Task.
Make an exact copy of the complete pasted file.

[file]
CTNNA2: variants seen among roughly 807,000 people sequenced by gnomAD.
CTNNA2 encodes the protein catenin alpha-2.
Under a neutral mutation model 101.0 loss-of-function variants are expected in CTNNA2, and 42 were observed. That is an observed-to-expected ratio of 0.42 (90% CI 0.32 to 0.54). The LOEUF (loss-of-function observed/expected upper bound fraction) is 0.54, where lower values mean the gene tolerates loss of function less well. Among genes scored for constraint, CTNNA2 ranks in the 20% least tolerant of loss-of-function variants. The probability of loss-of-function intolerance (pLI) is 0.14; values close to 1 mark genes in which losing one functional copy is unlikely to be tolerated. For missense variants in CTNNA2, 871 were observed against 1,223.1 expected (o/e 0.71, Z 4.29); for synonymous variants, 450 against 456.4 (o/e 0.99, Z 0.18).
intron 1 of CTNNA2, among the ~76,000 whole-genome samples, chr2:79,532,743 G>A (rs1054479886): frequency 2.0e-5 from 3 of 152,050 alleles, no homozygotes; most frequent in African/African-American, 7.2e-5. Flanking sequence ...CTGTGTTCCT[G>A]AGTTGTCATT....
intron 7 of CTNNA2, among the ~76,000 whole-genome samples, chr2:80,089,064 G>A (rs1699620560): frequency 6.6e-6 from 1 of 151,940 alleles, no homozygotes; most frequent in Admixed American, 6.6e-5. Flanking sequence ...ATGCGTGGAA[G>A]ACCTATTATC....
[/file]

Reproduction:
CTNNA2: variants seen among roughly 807,000 people sequenced by gnomAD.
CTNNA2 encodes the protein catenin alpha-2.
Under a neutral mutation model 101.0 loss-of-function variants are expected in CTNNA2, and 42 were observed. That is an observed-to-expected ratio of 0.42 (90% CI 0.32 to 0.54). The LOEUF (loss-of-function observed/expected upper bound fraction) is 0.54, where lower values mean the gene tolerates loss of function less well. Among genes scored for constraint, CTNNA2 ranks in the 20% least tolerant of loss-of-function variants. The probability of loss-of-function intolerance (pLI) is 0.14; values close to 1 mark genes in which losing one functional copy is unlikely to be tolerated. For missense variants in CTNNA2, 871 were observed against 1,223.1 expected (o/e 0.71, Z 4.29); for synonymous variants, 450 against 456.4 (o/e 0.99, Z 0.18).
intron 1 of CTNNA2, among the ~76,000 whole-genome samples, chr2:79,532,743 G>A (rs1054479886): frequency 2.0e-5 from 3 of 152,050 alleles, no homozygotes; most frequent in African/African-American, 7.2e-5. Flanking sequence ...CTGTGTTCCT[G>A]AGTTGTCATT....
intron 7 of CTNNA2, among the ~76,000 whole-genome samples, chr2:80,089,064 G>A (rs1699620560): frequency 6.6e-6 from 1 of 151,940 alleles, no homozygotes; most frequent in Admixed American, 6.6e-5. Flanking sequence ...ATGCGTGGAA[G>A]ACCTATTATC....